Two mobile 5-cm Doppler radars based at the NOAA National Severe Storms Laboratory in Norman, Okla., known as SMART-Radars (Shared Mobile Atmospheric Research and Teaching Radars), have been deployed to North Carolina to gather data about the storm’s winds as Hurricane Isabel comes ashore Thursday. Researchers are using the radars, along with portable meteorological towers from Texas Tech University, to study the severe winds and turbulence associated with hurricanes.
National Severe Storms Laboratory
Don Burgess, chief of the Warning Research and Development Division of the National Oceanic and Atmospheric Administration (NOAA) National Severe Storms Laboratory (NSSL) in Norman, Okla., will retire this month, completing 30 years of distinguished federal service. NOAA is an agency of the Commerce Department.
Burgess was involved in the early development of Doppler weather radar technology, and has been recognized for his contributions to research, development, user training and operational implementation of the NEXRAD Doppler weather radar.
New state-of-the-art radar technology designed to help future forecasters provide earlier warnings for tornadoes and other types of severe and hazardous weather was unveiled recently at the NOAA National Severe Storm Laboratory (NSSL) in Norman, Okla. The National Oceanic and Atmospheric Administration is an agency of the Commerce Department.
The new National Weather Radar Testbed provides the meteorological research community with the first full-time phased array radar facility. It will also allow NSSL and other meteorologists to determine if phased array radar will become the next significant technology advancement to improve our nation’s weather services. Researchers have begun the work of adapting the technology currently used to protect Navy battle groups from missile threats for the new purpose of weather detection.
When severe weather threatens this spring, nine Norman schools and the Washington (Okla.) School District will be better prepared as a result of donations made by local employees of the National Oceanic and Atmospheric Administration. Today (March 6) and tomorrow, representatives of the National Severe Storms Laboratory/Storm Prediction Center Employees Association (NSEA) will present NOAA weather radios to the schools, to coincide with Severe Weather Awareness Week in Oklahoma.
Radar technology currently used to protect Navy battle groups from missile threats will soon be adapted for a new purpose – weather detection. State-of-the-art phased array radar may help forecasters of the future provide earlier warnings for tornadoes and other types of severe and hazardous weather.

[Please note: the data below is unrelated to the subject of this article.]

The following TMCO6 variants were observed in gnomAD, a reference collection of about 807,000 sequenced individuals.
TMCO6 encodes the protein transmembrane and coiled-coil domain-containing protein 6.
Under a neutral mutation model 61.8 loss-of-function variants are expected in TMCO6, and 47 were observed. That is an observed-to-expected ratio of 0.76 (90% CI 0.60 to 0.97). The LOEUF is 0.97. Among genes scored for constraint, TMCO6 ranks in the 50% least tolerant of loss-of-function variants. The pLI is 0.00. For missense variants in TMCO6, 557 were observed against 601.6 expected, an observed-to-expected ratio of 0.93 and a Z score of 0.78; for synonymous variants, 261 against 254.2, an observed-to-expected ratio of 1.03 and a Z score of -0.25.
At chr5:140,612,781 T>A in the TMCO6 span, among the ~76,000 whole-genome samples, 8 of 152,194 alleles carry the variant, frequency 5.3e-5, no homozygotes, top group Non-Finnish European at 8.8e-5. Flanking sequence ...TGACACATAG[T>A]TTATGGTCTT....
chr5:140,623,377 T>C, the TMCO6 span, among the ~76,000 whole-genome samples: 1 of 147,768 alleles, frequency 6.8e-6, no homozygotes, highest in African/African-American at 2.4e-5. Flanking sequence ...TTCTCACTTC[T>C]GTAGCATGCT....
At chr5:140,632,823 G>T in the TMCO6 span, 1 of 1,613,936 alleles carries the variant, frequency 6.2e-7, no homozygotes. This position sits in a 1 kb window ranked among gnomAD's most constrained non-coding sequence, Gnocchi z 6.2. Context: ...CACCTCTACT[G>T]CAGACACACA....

This spring, a National Weather Radar Testbed will be established at the National Oceanic and Atmospheric Administration’s (NOAA) National Severe Storms Laboratory (NSSL) in Norman, Okla., providing the meteorological research community with the first phased array radar facility available on a full-time basis. NOAA is an agency of the Commerce Department.
NOAA’s National Severe Storms Laboratory in Norman, Okla., recently received the Federal Aviation Administration’s (FAA) Excellence in Aviation Award for 2002. The NSSL was cited for its contribution to the FAA’s Aviation Weather Research Program, which was organized to generate more accurate and accessible aviation weather bservations, warnings and forecasts. The National Oceanic and Atmospheric Administration (NOAA) is an agency of the Commerce Department.
The U.S. Department of Commerce has awarded its Silver Medal to Harold Brooks of the National Oceanic and Atmospheric Administration’s National Severe Storms Laboratory in Norman, Okla. for developing the first ever, highly accurate and accessible estimates of long-term threats from tornadoes, thunderstorms winds and large hail on any day anywhere in the contiguous United States.
Using state-of-the-art equipment, including a radar collaboratively built by the NOAA National Severe Storms Laboratory, research scientists captured Hurricane Lili Thursday morning as she came onshore along the southern Louisiana coast.
Three mobile Doppler radars, as well several instrumented towers, were strategically placed near Lafayette, La., in order to study the structure of the rainfall and wind flow around the storm. The data collected may help scientists develop better estimates of rainfall amounts, which could lead to more accurate and timely forecasts of inland flooding in the future.
Executives from WeatherNews, Inc., the largest and most diversified privately owned weather and environmental information company in the world, met recently with two National Oceanic and Atmospheric Administration organizations in Norman, Okla. during a weeklong visit to the state.
Jeff Kimpel, Director of the National Severe Storms Laboratory and Russell Schneider, Science Support Branch Chief for the Storm Prediction Center, met with WNI founder and global CEO Hiro Ishibashi to explore possible collaboration with NOAA, the University of Oklahoma and private sector weather groups in Norman.
The National Oceanic and Atmospheric Administration (NOAA) has awarded its Bronze Medal to Kevin Kelleher, deputy director of the National Severe Storms Laboratory in Norman, Okla. The Bronze Medal is the highest honorary award given by NOAA, an agency of the U.S. Department of Commerce. It is granted by the administrator for a significant contribution to NOAA or the department.